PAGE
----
It can get really lonely if you don’t have some kind of social outlet. The studio addressed my need for community and being around people more, because I had been working in a basement all alone day after day. My friend, Neisha May, who’s also my assistant, and I came up with the concept based on the art hive movement in Montreal. (Art hives are welcoming spaces with a mission to “build communities by making art.”) It felt like a really natural fit for us.

Our space works like a gym: people have monthly memberships and they can use the space during classes and open studio hours. We focus on education and equipment sharing. We have six potter’s wheels, each loaned by a different person. If you lend your equipment or volunteer your time, you get something in exchange, like a free membership. It’s a give-and-take model. We offer regular classes: an introduction to pottery on the wheel and advanced classes. Because I work there every day of the week, I can easily supervise people, help beginners who are struggling still, and be there to take payments when people want to buy clay.

Beardbangs ceramics studio
The 1000-square-foot studio is open daily for members to hone their pottery skills.

How do you stay creatively engaged while doing repetitive work?

With production pottery you have to accept the fact that you’re going to be making the same thing over and over again. It might not always feel like a creative act to be producing a hundred cat planters a week. These days I’m trying to give myself a little bit more space to play and come up with new things so I can stay inspired and creative and excited about ceramics. I try to give myself little outlets to make one new thing a week, be it a drawing or researching ideas or trying styles that are different from the retro, kid-inspired designs of Beardbangs.

Pottery tools
Alicia’s hands and hand tools touch every product that she mails to customers.

What’s your advice for hiring help and delegating work?

My assistant is a friend and also a ceramicist. She started working for me last July. We have a nice business relationship and friendship too. She helps me a few days a week at the studio, unloading the kiln, teaching ceramics classes, and making sure the studio gets mopped every day. She helps make a lot of the planters by throwing the shapes on the wheel and sticking the legs on. I take them from there and do the painting and detail work. I realized that it was much more fruitful to have her become very good at one or two aspects in the process to start out. Starting her off small with one task that she was going to be doing over and over again helped keep the quality the way that I wanted it. I’ve been having some wrist problems in the last six months or so, so it’s been a lifesaver to have her help.

Wheelthrowing: making a mug
Alicia and Neisha throw each piece on a potter’s wheel using a smooth white stoneware clay. They apply color to each piece with layers of engobes (colored liquified clays) and a paper-resist technique. Alicia paints each character’s face by hand.

How have you coped with your wrist problems?

I got tendinitis last summer. It started when I had a ton of sales coming in. That was great, but I didn’t pace myself very well. I started having pain that I ignored until it got really bad. Since then I’ve been trying to get rid of it. I go to this special hand therapist and do exercises. I’m learning to recognize when my wrists are getting tired and the pain is starting, and to stop at that point. It’s something I’ve really had to work on in the last six months because I tend to just keep going until I finish. But I finally have learned to spread work over a period of time and take breaks in between.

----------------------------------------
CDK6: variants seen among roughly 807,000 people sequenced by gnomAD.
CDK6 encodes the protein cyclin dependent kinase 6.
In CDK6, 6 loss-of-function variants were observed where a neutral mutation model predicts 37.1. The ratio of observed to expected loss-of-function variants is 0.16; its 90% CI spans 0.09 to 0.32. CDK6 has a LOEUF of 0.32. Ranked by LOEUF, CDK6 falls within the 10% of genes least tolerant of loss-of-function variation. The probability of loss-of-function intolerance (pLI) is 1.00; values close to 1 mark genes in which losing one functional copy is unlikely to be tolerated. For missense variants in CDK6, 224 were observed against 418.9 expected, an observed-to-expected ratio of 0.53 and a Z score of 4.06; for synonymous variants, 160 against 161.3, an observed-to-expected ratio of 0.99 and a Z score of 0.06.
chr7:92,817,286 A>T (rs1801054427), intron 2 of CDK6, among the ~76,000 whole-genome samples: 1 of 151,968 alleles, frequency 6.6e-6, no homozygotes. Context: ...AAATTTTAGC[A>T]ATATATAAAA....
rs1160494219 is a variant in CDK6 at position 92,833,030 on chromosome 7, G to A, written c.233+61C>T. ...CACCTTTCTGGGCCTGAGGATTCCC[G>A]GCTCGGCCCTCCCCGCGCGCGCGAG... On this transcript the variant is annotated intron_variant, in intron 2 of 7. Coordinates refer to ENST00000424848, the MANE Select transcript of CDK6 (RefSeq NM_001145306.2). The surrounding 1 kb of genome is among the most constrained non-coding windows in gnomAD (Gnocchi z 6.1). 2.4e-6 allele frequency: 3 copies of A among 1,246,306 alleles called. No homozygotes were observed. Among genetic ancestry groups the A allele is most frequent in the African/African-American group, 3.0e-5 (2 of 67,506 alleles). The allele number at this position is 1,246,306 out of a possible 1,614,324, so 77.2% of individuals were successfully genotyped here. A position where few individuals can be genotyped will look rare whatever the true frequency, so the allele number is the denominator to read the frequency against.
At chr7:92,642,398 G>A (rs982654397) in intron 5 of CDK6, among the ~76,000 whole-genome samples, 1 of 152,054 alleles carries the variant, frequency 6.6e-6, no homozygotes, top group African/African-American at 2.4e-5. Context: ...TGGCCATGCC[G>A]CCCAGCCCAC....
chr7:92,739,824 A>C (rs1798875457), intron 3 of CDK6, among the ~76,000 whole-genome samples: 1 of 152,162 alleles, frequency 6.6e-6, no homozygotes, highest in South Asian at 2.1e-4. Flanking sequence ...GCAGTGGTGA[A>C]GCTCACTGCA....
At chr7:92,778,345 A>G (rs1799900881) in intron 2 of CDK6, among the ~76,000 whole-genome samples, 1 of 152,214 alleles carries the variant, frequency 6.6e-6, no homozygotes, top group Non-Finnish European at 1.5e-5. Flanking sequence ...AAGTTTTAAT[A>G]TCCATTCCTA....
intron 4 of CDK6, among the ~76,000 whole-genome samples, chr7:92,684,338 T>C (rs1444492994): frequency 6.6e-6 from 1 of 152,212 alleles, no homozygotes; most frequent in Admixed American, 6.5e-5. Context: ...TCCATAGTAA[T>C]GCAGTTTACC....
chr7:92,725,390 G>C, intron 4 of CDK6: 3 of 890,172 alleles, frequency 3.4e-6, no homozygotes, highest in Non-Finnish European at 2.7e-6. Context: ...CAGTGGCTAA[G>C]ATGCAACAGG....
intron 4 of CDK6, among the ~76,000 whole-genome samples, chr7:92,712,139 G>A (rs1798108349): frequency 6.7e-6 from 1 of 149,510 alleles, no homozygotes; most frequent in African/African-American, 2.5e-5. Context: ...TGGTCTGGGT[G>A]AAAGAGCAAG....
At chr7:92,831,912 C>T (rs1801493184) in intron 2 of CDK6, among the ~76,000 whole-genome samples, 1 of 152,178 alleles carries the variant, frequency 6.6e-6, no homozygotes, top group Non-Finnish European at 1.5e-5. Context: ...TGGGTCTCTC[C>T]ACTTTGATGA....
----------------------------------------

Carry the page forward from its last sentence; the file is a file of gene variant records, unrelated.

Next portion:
It’s hard to decide what I’m going to use my strength on in a given day. You realize when you have wrist or hand problems how much you use your hands for everything. It’s hard for me to just sit there and not do anything with my hands. Even if I’m watching TV, I like to be knitting or sewing. But I just couldn’t do that all of the sudden. It certainly made me appreciate what my hands do for me.

Glazing a cat planter
A member of Studio Céramique Sud-Ouest taught Alicia how to twist each piece on a damp sponge to clean up the glaze, a more efficient technique than her previous approach. “It’s little stuff like that that’s been really nice and surprising to learn from other people,” says Alicia.

What’s your favorite part of running your own business?

I feel in control of my career in a way that I haven’t as an employee of someone else. It would be difficult to go back to being an employee at this point. I like being the one making the decisions about everything based on what I value. It’s also stressful to be that person, but it’s very rewarding when those decisions are successful and fruitful. As a business owner, I have a direct relationship with the person receiving my products. I love that something very tactile can affect another person’s life in a positive way.

To see Alicia’s current collection of cheery ceramic housewares, check out Beardbangs. To nominate your shop for the Quit Your Day Job series, fill out the Seller Handbook pitch form.

How have you solved a business challenge? Share your story in the comments below.


Julie Schneider

When Julie Schneider isn’t writing and editing Etsy’s Seller Handbook, she’s carrying on her family’s pun tradition or scheming in her cozy art studio. Keep up with her latest projects at and on Instagram.